Slain: Back from Hell is a very solid, yet run of the mill action platformer. Its strong audio and incredible visuals are the initial pull to play this game, but the uneven enemy difficulty and simplistic combat system hurt the experience. I liked playing the game for my Slain: Back from Hell review, but I’m sad to say that I didn’t love it – however, I’m very interested to see what Wolf Brew Games release
Slain will throw dumb A.I. and impossibly tricky situations at you throughout your time with it. It almost feels like any strategy goes out the window when you face enemy encounters and you're forced to frantically swipe at them in the hopes that you succeed, which isn't enjoyable in the slightest.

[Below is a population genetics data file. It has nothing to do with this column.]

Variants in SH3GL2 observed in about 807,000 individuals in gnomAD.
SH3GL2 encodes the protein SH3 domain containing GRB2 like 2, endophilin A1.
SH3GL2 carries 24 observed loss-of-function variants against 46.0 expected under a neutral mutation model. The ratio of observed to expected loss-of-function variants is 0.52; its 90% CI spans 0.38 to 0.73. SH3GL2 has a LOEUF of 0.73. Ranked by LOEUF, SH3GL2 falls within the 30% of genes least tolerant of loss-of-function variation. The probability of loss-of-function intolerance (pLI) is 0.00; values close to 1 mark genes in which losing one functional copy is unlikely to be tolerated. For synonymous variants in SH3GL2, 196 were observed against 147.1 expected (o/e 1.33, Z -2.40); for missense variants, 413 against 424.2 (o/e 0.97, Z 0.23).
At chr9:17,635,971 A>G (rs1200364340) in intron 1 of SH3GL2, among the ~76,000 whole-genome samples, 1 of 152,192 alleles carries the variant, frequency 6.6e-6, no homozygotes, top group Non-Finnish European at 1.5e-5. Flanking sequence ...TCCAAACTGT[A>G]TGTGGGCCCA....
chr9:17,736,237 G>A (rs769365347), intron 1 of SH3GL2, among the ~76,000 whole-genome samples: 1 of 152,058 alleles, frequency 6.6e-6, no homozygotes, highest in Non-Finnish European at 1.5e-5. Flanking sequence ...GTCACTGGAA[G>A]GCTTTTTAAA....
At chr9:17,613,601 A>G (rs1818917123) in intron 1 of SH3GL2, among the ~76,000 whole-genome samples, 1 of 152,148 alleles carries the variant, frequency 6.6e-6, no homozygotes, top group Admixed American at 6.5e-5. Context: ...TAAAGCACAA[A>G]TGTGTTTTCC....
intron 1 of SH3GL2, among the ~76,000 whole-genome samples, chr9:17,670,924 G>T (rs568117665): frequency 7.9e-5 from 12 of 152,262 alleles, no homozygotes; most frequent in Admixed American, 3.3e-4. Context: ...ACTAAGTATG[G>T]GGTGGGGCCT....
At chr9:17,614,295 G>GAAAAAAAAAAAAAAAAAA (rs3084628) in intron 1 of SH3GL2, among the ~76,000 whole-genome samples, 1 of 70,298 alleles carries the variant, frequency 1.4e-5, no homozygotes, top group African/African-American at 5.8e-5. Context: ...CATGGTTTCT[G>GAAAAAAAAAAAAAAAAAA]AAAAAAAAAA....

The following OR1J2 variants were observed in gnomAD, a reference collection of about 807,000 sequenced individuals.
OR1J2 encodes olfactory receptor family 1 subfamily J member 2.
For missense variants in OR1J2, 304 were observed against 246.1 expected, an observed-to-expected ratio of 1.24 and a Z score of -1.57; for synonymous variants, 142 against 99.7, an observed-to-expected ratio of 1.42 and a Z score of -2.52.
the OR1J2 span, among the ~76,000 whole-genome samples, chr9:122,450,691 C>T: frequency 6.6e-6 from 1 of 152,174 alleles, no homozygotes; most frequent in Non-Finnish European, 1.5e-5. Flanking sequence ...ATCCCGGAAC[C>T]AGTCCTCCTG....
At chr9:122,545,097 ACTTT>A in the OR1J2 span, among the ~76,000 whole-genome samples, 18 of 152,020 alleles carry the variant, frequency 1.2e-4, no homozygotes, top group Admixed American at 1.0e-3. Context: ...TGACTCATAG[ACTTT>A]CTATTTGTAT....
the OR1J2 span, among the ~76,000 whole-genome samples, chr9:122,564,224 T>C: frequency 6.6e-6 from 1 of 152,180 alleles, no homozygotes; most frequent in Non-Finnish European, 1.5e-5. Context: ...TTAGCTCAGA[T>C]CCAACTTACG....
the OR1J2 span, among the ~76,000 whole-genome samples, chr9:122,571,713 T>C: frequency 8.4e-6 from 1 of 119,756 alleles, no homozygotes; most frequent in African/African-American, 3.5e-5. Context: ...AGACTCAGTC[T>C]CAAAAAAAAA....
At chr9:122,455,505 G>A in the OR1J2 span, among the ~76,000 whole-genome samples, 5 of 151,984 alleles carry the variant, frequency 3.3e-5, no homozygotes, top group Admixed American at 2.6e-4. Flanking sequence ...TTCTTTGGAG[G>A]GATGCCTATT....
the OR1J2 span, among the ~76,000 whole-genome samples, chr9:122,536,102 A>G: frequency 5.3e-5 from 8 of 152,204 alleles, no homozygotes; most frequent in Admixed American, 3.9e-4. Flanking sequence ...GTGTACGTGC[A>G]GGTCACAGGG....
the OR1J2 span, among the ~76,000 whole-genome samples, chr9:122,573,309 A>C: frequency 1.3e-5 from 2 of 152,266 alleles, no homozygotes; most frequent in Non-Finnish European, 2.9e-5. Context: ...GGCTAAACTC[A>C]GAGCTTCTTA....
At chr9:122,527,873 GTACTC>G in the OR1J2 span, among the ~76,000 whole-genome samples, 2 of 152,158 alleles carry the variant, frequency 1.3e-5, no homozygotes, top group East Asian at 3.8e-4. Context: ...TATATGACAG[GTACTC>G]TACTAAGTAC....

Slain: Back From Hell was a good attempt to bring back some classic gaming magic, but unfortunately just couldn't quite grasp everything that made those games great. Might be worth a look at 5 bucks or under, or if you really have a hard-on for Castlevania-esque games.
Slain: Back from Hell is that mural on that beaten down van painted by someone sporting a mullet; the first time you walk by you quickly glance over and think, ‘hey, that’s cool.’ But after going by a bunch of times you notice the faded colors and the incomprehensible scene of violence going on. It’s like the artist wants you to take the time to appreciate the art but, honestly, it’s not worth the effort. There are a few spots that stick out like a segment where a warrior turns into a wolf or the bright blues and reds that border the fresco. But really, there are no secrets to be found here (and not many in the game). The mural is here to distract you for a short period (6 hours) and once you’re done taking it in, you’ll find it difficult to recall the experience.